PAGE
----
The Strains of Education

Nearly everyone says that it’s important to hold on to youth, because those are the best years of one’s life. But nowadays, life for teens isn’t as magical as many seem to think it is.

In addition to going through the painful transition from child to adult, teenagers face common hurdles such as drugs, alcohol, sex, peer pressure, and just as important: the burdens of education. Many adults scoff at any teenager complaining about school; “Wait till you enter the real world,” they say. “School is nothing compared to work, relationships, taxes, bills and other ‘real’ responsibilities.” But here’s something to consider: just because adolescence isn’t typically as difficult as adulthood, that doesn’t mean it’s the proverbial walk in the park.

In the U.S., we are born into the education system; education is not viewed as a privilege but it’s something that everyone should be grateful for. By the time we reach around age six, we are legally required to attend school, and by high school, the heavy grind begins. Stress rises, with 68% of it related to school — and it is not simply from homework, or tests and quizzes. It is often caused by the fear of failure. Teens are frequently so terrified of not succeeding in life that the pressure to push harder and harder becomes overwhelming.

It isn’t uncommon to see that the hopes for the future are placed on the shoulders of teens by the age of 15. How teens do in school will carry through to college which will, in turn, affect the quality of profession teens will achieve later on. All these responsibilities are pushed on to teenagers during a time when they are still growing and managing raging hormones — but are mostly immature.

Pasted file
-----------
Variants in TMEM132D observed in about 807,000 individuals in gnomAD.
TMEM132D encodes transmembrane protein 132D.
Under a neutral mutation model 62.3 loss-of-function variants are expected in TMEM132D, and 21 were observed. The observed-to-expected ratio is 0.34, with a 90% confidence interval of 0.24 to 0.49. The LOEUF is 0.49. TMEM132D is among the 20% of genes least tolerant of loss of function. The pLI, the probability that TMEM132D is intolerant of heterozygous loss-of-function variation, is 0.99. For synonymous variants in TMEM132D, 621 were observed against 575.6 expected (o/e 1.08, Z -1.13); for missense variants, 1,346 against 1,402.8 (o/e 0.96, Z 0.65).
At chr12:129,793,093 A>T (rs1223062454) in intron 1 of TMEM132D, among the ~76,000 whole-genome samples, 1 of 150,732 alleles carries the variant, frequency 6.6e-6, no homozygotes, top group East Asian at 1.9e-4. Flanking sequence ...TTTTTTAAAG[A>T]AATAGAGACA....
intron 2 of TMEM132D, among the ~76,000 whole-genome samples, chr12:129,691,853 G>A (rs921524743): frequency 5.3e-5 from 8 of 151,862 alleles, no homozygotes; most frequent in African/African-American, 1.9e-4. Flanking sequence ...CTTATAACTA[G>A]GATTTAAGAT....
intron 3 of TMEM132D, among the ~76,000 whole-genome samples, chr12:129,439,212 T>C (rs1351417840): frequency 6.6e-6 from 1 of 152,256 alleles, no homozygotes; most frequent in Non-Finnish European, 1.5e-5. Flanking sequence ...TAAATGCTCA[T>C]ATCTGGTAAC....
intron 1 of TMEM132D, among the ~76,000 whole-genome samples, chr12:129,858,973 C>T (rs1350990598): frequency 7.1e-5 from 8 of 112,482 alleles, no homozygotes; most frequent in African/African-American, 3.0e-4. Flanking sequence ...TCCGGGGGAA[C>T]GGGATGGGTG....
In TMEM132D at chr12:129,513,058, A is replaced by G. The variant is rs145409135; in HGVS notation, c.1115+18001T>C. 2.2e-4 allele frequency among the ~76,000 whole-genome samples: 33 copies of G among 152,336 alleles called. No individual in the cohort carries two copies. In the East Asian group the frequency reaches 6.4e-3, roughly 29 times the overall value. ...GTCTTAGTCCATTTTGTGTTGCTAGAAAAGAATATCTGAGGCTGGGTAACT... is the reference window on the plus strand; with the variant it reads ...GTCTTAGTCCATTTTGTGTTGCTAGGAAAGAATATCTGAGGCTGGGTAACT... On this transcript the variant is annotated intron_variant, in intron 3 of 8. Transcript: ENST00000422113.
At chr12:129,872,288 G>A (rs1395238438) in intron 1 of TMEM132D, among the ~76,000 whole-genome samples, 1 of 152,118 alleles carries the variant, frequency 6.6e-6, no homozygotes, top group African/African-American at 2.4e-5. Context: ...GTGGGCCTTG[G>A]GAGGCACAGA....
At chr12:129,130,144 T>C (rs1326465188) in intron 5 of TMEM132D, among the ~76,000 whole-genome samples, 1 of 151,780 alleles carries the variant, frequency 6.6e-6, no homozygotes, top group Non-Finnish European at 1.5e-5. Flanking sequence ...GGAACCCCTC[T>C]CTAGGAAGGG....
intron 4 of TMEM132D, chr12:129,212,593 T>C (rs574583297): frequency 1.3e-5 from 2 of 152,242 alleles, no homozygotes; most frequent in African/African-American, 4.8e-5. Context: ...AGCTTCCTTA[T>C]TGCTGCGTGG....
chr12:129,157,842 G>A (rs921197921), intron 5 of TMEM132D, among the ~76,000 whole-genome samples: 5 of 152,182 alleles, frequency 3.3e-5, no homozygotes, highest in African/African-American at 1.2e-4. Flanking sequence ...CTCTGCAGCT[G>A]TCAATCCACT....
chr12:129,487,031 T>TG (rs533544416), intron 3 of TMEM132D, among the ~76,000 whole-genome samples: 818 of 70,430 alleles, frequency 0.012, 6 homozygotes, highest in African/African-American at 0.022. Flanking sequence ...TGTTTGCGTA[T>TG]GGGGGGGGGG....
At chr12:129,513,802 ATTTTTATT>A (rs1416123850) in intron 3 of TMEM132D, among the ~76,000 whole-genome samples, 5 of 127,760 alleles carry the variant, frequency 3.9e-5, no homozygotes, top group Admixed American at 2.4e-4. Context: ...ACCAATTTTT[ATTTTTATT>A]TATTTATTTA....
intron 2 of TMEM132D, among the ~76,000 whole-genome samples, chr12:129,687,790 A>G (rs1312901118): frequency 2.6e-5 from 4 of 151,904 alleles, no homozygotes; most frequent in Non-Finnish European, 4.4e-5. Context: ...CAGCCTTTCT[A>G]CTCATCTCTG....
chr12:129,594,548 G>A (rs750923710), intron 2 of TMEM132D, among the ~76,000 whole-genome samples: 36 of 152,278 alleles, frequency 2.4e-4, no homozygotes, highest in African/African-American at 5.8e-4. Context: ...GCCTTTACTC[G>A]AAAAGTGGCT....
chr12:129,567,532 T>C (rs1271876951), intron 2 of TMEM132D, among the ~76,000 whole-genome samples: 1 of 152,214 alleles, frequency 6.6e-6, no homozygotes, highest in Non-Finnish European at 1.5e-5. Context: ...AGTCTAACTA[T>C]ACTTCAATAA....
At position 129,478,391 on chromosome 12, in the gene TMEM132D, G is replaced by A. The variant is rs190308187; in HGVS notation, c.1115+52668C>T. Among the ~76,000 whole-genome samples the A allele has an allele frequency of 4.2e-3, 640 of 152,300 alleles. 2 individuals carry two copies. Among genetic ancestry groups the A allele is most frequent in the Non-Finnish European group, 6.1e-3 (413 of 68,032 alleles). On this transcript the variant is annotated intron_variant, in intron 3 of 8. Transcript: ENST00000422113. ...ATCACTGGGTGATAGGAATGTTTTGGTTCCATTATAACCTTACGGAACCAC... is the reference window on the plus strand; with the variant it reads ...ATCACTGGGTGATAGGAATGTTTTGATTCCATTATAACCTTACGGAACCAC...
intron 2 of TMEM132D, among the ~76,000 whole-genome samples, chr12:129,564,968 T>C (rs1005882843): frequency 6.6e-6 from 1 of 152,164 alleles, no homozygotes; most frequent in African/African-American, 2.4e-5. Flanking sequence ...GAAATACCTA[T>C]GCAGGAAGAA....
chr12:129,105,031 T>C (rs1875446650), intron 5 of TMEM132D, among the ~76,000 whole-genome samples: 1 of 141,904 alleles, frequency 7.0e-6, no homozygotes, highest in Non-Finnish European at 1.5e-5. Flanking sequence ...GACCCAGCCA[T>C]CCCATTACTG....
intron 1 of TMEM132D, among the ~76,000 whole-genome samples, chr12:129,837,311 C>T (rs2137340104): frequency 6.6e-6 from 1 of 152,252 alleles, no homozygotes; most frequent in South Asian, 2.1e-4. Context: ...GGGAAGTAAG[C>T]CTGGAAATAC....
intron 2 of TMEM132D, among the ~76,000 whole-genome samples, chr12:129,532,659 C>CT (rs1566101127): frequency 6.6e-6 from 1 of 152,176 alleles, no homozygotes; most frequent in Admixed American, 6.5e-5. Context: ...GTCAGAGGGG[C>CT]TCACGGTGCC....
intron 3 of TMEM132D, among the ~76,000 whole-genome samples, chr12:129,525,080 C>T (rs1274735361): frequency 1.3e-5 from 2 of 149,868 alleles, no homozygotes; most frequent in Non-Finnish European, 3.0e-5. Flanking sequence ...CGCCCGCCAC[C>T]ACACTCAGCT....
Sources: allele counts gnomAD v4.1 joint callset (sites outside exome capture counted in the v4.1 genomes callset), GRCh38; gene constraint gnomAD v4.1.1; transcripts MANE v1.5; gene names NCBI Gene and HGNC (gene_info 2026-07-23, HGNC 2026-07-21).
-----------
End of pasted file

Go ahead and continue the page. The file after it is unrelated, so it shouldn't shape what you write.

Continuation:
Modern schools are like a competition. Students devote themselves to things that adults say their lives depend on: GPAs, SATs, ACTs, APs, IBs, clubs, honor societies, sports, volunteering…and the list goes on. And these tasks are coupled with crumbling self-esteem because when students look around it’s not difficult to find someone who is believed to be ‘better’ —  and then the constant comparison begins.

After the high school years, many students go on to college where suicide rates are up to almost 11,000 annually because all the stress felt in high school is magnified; suddenly everything is more important than it was before. If  that isn’t enough, the economic recession and job shortages make us worry even more about the security of our futures. Here we are forced to decide what career to pursue for the rest of our lives during a time when we don’t yet know what kind of person we are. We’re told to choose majors that will earn us the most money, not something that we can imagine ourselves doing for the rest of our lives.

The message is harsh but simple: they’re not telling us that money is the most important thing in life. They’re telling us that security is more important than enjoying what we do for the majority of our days, for the majority of our lives.

The world will never stop being competitive; it’s a downside to the overpopulation we are experiencing. One article will not revamp the entire education system but what we can do is raise awareness and start teaching our students that if they work hard, they can play hard. School doesn’t have to feel like such a burden if students enjoy themselves along the way; many perceive relaxing as slacking off, but it is simply finding ways to have fun and just enjoy our youth. Stopping to breathe and re-evaluate the important things in life is sometimes just what students need; it’s important to spread this message.






  1. […] course for ourselves before we spiral downward into a place where we can no longer see much hope for the future.  We should — and can — do […]